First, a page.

So which Chris Givens will we see in 2013?

Thursday, April 11, 2013

Richard Sherman is an expert on ADHD (not)

It’s one thing to take a professional athlete’s quotes out of context. That’s unfortunate. It’s another thing to take what a professional athlete says about, oh, science, and assume without question said athlete knows what he’s talking about.

We are alluding to the curious case of Seahawks cornerback Richard Sherman – and it’s curious for many reasons.

It started last season when Sherman was suspended for allegedly taking Adderall – a drug used for ADD and ADHD patients that is banned by the NFL without a doctor’s prescription. Sherman’s suspension was overturned upon appeal. Sherman adamantly denies ever taking Adderall. And since he obviously doesn’t know why NFL players might use Adderall as a “performance enhancer,” I tend to believe him.

Sherman appeared on NFL Network’s “NFL AM” Thursday morning to explain that a Vancouver newspaper had taken his quotes out of context when he said “half the league” takes Adderall.

That’s fine. We get that he was exaggerating. Problem is, he went on to explain to “NFL AM” that the reason players take Adderall is because it helps them get ultra-focused, thus enhancing their performance. This is wrong on two levels.

For starters, people with ADD and ADHD do not take Adderall to get ultra-focused. For these patients, Adderall is not a “performance enhancer,” but rather a performance enabler. I know this because my 12-year-old son has a severe case of ADHD. He takes a different drug, but it’s in the same family as Adderall. It helps him stay focused enough to get by. It doesn’t give him an advantage over his peers. It merely gives him a chance.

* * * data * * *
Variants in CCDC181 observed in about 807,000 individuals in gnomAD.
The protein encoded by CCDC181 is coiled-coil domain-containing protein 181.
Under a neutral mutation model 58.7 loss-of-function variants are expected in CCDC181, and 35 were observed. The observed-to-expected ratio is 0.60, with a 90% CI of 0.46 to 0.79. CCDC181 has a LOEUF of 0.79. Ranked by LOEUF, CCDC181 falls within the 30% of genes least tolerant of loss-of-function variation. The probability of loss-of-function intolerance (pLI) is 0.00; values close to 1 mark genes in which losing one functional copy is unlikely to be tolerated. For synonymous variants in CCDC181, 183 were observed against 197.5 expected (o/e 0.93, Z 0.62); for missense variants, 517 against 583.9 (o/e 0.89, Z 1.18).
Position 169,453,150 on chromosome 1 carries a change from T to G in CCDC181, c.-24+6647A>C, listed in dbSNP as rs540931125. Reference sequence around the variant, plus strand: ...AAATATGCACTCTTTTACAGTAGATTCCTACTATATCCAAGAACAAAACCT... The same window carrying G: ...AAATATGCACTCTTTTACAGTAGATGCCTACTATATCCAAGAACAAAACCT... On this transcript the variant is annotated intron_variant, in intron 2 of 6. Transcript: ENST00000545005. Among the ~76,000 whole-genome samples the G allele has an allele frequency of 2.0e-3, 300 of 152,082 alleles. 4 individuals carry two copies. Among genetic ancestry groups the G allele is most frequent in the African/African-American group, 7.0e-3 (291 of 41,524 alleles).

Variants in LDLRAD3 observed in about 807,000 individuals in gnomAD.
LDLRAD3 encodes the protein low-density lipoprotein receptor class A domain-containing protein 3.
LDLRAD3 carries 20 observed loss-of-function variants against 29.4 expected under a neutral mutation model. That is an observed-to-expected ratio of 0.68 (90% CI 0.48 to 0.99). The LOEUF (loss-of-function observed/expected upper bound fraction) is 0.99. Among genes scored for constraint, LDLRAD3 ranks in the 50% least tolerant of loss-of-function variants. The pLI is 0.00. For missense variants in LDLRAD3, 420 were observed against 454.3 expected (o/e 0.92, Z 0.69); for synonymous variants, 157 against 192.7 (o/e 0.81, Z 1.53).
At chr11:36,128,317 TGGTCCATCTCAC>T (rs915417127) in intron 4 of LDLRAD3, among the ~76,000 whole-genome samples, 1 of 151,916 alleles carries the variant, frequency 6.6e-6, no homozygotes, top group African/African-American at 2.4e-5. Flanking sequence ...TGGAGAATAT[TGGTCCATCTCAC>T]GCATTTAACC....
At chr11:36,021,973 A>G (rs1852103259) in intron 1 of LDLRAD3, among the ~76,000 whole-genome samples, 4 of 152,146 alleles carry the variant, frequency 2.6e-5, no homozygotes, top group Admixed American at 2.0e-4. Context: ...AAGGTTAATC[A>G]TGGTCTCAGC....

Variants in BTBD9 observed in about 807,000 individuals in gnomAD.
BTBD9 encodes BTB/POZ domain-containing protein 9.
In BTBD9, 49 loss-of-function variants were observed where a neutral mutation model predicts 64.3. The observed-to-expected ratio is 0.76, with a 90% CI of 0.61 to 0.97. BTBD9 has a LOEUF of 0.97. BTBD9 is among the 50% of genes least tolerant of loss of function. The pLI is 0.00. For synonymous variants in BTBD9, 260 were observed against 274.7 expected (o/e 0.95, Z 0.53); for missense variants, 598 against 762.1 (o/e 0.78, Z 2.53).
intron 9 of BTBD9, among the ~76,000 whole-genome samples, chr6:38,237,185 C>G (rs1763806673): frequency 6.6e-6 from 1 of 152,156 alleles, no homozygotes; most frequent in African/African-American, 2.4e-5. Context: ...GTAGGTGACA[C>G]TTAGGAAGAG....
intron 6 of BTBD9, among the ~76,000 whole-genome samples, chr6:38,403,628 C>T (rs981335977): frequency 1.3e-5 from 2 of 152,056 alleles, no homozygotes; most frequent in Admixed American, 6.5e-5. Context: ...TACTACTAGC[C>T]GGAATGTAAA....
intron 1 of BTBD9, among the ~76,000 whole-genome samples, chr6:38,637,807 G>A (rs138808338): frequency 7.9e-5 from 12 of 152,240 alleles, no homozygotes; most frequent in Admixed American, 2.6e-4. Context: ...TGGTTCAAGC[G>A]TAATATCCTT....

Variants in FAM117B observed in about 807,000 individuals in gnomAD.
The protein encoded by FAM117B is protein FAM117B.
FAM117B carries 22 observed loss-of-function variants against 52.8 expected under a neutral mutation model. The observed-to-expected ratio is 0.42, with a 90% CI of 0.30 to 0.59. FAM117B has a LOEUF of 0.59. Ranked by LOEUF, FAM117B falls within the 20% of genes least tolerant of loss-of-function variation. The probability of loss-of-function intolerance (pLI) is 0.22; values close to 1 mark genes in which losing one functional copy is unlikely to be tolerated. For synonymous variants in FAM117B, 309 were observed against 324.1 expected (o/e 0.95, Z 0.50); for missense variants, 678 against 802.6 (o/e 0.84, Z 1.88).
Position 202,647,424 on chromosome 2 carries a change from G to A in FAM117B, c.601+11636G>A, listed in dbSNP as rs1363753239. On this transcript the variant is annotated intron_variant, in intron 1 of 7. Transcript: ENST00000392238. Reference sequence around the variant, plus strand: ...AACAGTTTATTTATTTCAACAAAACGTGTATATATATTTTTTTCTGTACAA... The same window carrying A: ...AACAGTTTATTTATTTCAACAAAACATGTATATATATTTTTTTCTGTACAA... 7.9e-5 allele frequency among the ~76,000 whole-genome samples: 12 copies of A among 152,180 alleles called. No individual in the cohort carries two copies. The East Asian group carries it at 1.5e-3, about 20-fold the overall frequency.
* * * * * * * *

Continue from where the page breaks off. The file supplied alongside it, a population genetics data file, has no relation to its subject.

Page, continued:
But here’s the real issue: Adderall has a different effect on people who don’t have ADD or ADHD. Adderall is a stimulant. Instead of asking Richard Sherman about it, maybe ask a doctor… like the psychologist who’s been treating my son for years:

“When people without ADD or ADHD take these meds, they act as a stimulant, like speed.”

Speed. Yeah, that’s always been a popular performance-enhancing drug for professional athletes, right? That would make it easier to understand why many players might want to find a way to have Adderall prescribed.

There’s no simple medical test for ADD and ADHD, so it’s conceivable an athlete can talk his way into an Adderall prescription. The resulting perception is not that it’s a growing epidemic; the perception is that many ADD and ADHD patients don’t really need medicine but use it to get an edge. That’s a terribly unfair depiction for someone like my son, who would not be able to keep up in middle school without the drug, let alone play organized sports at any serious level.

But go ahead, sports media, let the athletes have their say and take what is said as gospel. That’s good for business.